The flange 40 is first slipped onto one end of the sleeve 38 with the internal alignment ribs of the flange 40 interlocked with the external alignment grooves of the sleeve 38. The flange 40 is then displaced to a central position along the sleeve 38 and secured to the sleeve 38 with upper and lower weld beads 58, 60. The mounting sleeve 38 is then slipped over an end of the post 26, the internal alignment ribs of the sleeve 38 being mated in the process with the external alignment grooves of the post 26. The assembly 28 is then displaced to a desired vertical position on the post 26. The sleeve 38 is formed with four circumferentially-oriented slot 62, 64, 66, 68, two upper slots 62, 64 and two lower slots 66, 68, oriented horizontal in the operative orientation in FIG. 2. Weld beads are formed in each of the slots (such as the weld bead 70 in the slot 62) to secure the sleeve 38 to the post 26. As mentioned above, in the region where the welds are formed on the post 26, the post 26 is reinforced by the sleeve 38 of the flange assembly 28. The other flange assemblies 30, 32, 34 are similarly assembled and fixed in vertically spaced-apart relationship on the post 26.
Although the aligning structure of each component described comprises a set of four grooves or ribs, it will be appreciated that a single groove or rib would suffice and that the grooves and ribs of interlocking components can be interchanged. Also, the interlocking alignment structures can take any form that can be appropriately extruded longitudinally with the posts and sleeves and that can be cast or otherwise formed on the flanges.
The joint 72 between the upright 12 and the brace 20 involving the flange assembly 28 and the cast aluminum connector 22 is shown in FIGS. 4 and 5 (respectively in closed and open states). The connector 22 has upper and lower sections 74, 76 defining a mouth 78 that receives the flange 40 (as in FIG. 4). The mouth 78 has an outer portion 80 shaped to seat in mating relationship on inclined upper and lower surfaces 82, 84 (identified in FIG. 5) of the central flange portion 42. An inner mouth portion 86 is shaped to remain clear of the flange 40. The connector 22 has a pair of aligned opening 88, 90, one opening 88 its upper section 74 and another opening 90 in the lower section 76. These opening 88, 90 are registered vertically with the opening in the flange 40, and a steel wedge 94 is inserted to secure the joint 72. The wedge 72 is shaped to force the mouth 78 of the connector 22 to seat firmly on the central flange portion 42. It will be noted that the lips of the mouth 78 have been slightly beveled to accommodate the weld beads 58, 60 securing the flange 40 to the sleeve 38.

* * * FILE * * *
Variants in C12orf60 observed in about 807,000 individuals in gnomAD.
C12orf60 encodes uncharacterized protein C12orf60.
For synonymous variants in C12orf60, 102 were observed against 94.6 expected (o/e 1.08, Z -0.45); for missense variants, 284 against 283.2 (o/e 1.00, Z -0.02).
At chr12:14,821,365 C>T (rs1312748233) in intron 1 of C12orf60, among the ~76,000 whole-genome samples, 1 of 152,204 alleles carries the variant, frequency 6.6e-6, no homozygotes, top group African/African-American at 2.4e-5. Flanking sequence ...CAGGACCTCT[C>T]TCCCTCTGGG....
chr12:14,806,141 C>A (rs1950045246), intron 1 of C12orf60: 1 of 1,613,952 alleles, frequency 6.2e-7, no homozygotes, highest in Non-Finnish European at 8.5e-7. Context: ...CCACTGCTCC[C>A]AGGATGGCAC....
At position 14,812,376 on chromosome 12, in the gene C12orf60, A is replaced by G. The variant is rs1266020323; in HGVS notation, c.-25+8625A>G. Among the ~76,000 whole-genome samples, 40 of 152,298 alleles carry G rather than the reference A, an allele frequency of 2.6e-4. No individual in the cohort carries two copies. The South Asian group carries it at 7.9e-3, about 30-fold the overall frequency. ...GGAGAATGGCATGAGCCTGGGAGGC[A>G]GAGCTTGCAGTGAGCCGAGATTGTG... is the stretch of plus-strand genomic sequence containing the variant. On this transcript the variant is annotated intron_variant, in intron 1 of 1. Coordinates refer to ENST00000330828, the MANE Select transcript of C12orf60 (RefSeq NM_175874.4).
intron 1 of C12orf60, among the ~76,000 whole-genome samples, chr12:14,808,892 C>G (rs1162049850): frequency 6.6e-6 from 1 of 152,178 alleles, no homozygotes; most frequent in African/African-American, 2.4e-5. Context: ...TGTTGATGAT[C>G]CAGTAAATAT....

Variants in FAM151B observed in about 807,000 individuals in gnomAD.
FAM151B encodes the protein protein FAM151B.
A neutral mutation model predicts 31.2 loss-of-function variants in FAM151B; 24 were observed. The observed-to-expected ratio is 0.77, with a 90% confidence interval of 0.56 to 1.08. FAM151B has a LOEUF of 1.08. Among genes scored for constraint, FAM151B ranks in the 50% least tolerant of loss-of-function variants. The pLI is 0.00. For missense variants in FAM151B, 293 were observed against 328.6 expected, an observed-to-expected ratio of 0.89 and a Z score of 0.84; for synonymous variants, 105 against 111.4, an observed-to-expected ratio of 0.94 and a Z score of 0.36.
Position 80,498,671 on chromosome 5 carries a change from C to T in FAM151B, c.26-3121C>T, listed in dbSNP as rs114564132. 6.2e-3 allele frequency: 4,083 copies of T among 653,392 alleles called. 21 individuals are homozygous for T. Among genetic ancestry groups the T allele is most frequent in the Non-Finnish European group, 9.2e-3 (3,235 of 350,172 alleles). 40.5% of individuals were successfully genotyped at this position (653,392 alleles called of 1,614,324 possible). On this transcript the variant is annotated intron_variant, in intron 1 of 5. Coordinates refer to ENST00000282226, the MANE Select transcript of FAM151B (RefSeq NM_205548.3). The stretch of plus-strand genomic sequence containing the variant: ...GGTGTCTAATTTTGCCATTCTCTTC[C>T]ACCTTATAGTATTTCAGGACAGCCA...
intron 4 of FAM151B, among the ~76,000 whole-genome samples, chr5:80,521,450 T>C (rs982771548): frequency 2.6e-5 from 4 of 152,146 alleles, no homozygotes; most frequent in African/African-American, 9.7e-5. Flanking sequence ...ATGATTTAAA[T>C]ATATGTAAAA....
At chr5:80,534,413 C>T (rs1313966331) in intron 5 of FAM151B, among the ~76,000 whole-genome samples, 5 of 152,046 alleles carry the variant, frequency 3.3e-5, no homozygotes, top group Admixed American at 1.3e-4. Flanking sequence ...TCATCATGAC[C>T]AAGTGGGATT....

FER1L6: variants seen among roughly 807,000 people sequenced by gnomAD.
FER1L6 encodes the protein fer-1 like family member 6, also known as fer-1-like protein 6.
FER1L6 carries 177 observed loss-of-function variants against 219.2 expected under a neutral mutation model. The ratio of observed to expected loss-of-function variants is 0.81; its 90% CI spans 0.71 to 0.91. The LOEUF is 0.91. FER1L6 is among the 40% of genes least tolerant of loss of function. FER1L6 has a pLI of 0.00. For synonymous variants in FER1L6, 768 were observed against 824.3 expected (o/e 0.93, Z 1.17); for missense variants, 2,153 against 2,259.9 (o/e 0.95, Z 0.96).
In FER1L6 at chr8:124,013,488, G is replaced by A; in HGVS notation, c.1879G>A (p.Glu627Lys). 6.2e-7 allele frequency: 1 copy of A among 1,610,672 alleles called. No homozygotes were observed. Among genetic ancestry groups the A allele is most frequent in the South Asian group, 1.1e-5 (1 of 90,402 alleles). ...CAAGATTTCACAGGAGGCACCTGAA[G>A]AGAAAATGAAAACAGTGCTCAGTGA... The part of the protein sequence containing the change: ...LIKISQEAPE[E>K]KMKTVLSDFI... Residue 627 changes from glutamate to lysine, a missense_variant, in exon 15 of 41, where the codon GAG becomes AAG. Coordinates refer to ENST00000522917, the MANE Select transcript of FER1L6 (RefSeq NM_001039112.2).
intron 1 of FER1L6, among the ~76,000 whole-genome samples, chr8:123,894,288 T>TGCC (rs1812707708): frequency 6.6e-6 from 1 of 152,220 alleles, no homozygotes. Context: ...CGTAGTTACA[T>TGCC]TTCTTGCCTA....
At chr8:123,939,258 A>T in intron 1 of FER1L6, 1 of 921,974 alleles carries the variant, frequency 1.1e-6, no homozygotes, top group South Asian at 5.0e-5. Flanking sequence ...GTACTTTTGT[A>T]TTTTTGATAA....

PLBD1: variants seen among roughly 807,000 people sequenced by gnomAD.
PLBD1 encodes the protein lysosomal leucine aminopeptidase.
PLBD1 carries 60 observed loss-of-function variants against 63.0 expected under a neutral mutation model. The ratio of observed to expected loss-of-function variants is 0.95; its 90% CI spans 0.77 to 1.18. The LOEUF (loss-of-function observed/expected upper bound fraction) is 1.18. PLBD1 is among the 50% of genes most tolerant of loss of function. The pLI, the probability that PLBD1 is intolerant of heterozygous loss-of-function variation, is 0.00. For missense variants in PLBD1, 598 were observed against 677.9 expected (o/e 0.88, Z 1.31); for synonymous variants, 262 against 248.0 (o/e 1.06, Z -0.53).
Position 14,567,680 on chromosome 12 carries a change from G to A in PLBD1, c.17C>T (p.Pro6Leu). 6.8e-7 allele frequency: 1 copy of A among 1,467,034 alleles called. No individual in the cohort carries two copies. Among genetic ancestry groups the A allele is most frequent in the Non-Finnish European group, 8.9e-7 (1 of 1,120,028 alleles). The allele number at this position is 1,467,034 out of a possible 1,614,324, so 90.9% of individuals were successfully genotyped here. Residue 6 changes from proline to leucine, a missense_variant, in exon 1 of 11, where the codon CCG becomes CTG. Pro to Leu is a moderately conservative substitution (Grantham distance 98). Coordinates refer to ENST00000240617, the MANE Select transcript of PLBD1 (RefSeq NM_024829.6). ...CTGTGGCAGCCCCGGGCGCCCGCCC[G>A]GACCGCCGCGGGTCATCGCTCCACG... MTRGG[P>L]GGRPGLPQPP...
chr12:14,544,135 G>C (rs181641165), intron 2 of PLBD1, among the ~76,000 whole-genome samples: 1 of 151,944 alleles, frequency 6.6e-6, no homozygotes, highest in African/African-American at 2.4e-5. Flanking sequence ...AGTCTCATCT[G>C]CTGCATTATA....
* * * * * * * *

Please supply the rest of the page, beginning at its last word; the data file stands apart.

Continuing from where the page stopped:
The wedge 94 has a pair of opposing faces 96, 98 and a pair of opposing edges 100, 102 perpendicular to those faces 96, 98. It has a generally rectangular horizontal cross-section whose length decreases continuously between upper and lower end portions 104, 106 of the wedge 94. The lower end portion 106 is curved slightly to allow the wedge 94 to be struck with a hammer from below to release the joint 72 without contacting the post 26. A horizontal retaining pin 108 is press fit into an opening formed in the lower end portion 106 of the wedge 94 and extends perpendicularly from each of the opposing wedge faces 96, 98. A wear-indicating pin 106 is similarly mounted to the upper end portion 104 of the wedge 94.